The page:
When the landlord receives the notice, he/she must notify the tenant by certified mail of the time and date when the rental unit will be inspected. The inspection date should be set for five days before or five days after the move-out date established by the tenant. The landlord should inform the tenant in writing, at the time the security deposit is paid, of his/her right to be present for a walk-through inspection of the rental unit. If the landlord fails to inform the tenant of their rights, he/she forfeits the right to withhold any part of the security deposit for damages (MD Real Prop Code §8–203 (f) (1)).
Withholding Security Deposits in Maryland
Maryland landlords have a right to withhold the security deposit, all or in part, for unpaid rent, damage caused by a breach of lease, or for damage in excess of ordinary wear and tear to the rental unit, common areas, major appliances, and furnishings owned by the landlord.
If any portion of the security deposit is withheld, the landlord is required to provide the tenant with a written list of the damages along with a statement of the cost of each delivered by first-class mail to the last known address of the tenant, within 45 days after the tenancy has ended.
If the landlord fails to provide the tenant with a written statement, he/she forfeits the right to withhold any part of the security deposit for any damage caused by the tenant.
“Normal Wear and Tear” vs. Damage in Maryland
- “Normal wear and tear” is deterioration that occurs as a result of use for which the rental unit is intended and without negligence, carelessness, accident, or misuse or abuse of the premises or contents by the tenant or members of his household, or their invitees or guests. It can include minor issues, such as gently worn carpets, loose door handles, fading wall paint and flooring, stained bath fixtures, lightly scratched glass and dirty grout that occur naturally as a result of the tenant using the property as it’s designed to be used.
- “Damage” refers to destruction to the rental unit that occurs because of abuse or negligence by a tenant during the course of the tenancy and can affect usefulness, value, normal function of the rental unit. Pet damage (heavily stained and ripped carpet), broken tiles, hole in the wall, broken windows and missing fixtures are all examples of damage.
Security Deposits and Tax Filing in Maryland
What happens to the security deposits when the lease is terminated depends on whether it is refunded or it is withheld by the landlord.
- Accounting for Security Deposits: Security deposits are treated as either assets or liabilities when filing taxes. It is not automatically rental income when first received. Tenants shouldn’t deduct security deposits as expenses when filing their taxes and landlords shouldn’t declare them as income when in escrow intended to be returned to the tenant at the end of the tenancy. Security deposits are not income until they become as such.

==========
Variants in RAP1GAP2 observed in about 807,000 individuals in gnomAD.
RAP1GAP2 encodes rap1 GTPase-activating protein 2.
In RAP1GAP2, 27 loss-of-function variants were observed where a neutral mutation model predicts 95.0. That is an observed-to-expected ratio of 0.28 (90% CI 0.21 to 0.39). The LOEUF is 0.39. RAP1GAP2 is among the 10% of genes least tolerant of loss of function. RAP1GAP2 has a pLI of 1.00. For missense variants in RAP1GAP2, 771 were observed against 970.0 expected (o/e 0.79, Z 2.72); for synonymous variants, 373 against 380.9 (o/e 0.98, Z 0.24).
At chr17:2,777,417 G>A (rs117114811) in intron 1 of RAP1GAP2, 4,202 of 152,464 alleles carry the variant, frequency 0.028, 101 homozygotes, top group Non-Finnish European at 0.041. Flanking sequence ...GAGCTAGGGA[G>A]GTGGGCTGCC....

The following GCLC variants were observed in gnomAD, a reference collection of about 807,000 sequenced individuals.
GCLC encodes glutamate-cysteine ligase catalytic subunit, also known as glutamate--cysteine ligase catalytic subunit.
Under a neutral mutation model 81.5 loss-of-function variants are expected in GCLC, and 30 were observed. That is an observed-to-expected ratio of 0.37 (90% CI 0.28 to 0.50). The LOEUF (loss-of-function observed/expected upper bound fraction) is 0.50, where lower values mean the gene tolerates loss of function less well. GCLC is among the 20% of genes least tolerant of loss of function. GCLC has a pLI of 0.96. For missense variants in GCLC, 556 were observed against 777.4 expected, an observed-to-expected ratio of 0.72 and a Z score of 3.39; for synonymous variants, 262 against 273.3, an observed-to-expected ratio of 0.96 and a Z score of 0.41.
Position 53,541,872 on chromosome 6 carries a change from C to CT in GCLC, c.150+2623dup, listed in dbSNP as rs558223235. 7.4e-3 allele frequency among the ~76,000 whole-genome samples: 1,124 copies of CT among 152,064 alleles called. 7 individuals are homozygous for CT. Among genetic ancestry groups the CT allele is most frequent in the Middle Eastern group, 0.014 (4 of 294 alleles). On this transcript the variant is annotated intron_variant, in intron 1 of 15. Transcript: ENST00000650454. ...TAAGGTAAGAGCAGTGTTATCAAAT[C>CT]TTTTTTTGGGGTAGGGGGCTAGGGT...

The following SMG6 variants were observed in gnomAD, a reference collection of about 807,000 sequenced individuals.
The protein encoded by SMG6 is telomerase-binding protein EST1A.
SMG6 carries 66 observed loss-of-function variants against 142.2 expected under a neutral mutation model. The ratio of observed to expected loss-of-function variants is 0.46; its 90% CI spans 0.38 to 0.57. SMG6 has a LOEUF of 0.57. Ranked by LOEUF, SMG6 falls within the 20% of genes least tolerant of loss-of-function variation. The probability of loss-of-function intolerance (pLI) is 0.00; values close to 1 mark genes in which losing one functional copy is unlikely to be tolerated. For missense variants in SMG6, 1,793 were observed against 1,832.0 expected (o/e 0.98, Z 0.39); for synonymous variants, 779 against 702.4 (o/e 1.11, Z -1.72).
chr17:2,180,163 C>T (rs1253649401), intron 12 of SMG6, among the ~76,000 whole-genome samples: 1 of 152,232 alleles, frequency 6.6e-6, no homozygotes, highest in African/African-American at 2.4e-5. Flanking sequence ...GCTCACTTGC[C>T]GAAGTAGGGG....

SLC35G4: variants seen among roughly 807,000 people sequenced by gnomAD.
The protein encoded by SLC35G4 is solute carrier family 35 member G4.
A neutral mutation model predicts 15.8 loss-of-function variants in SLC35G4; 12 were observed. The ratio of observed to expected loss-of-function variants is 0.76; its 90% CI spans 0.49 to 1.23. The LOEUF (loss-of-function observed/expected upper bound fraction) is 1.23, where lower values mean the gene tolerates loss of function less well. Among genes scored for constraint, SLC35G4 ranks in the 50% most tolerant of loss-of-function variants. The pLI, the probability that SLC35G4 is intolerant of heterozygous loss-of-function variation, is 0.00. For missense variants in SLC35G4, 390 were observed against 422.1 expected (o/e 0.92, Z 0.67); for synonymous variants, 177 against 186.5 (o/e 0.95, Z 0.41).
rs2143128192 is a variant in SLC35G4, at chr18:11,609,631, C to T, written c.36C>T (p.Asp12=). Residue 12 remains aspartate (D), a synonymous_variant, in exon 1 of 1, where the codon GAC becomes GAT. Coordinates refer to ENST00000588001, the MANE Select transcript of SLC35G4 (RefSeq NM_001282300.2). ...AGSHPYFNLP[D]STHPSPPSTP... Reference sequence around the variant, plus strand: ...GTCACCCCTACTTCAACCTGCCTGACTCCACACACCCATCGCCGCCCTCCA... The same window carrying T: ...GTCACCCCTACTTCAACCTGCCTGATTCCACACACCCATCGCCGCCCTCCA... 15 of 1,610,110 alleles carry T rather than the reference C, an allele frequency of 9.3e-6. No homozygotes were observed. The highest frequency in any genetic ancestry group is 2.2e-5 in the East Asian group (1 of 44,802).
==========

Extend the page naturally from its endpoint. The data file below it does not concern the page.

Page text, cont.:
- Security Deposit Write-off: Usually, landlords cannot deduct security deposits when filing taxes as expenses before they are used for one purpose or another. If a landlord withholds part or all of the security deposit for unpaid rent, then that amount should be included as income for that year when filing taxes. Forfeited deposits should be declared as income on a landlord’s tax return. A deposit is taxable income only if and when a landlord has no obligation to refund the tenant.
The Law on Security Deposits in Maryland
Maryland security deposit statutes can be found in MD Real Prop Code § 8-203.
Tips for Maryland Landlords on the Right Practices for Security Deposits
- Charge tenants two month’s rent for a security deposit
- Provide tenants with a receipt for the security deposit and include it in a written lease
- Return security deposits within 45 days of terminating the tenancy
- Withhold security deposits for unpaid rent, damages and cost related to a breach of lease agreement
- Seek damages in legal proceedings if the security deposit is insufficient to cover the losses caused by the tenant
A security deposit is an essential part of the leasing process. Landlords and tenants alike should know Maryland’s security deposit law and how it applies to them. Landlords have a responsibility to properly maintain, store and handle tenants’ security deposit as dictated by the law. Tenants should also know their rights as it relates to security deposits and be able to protect their security deposit.
Make sure to refer to the Maryland Real Property Code §8-203 for more on security deposits. Landlords should educate themselves on this topic to protect their rental property and avoid any legal trouble.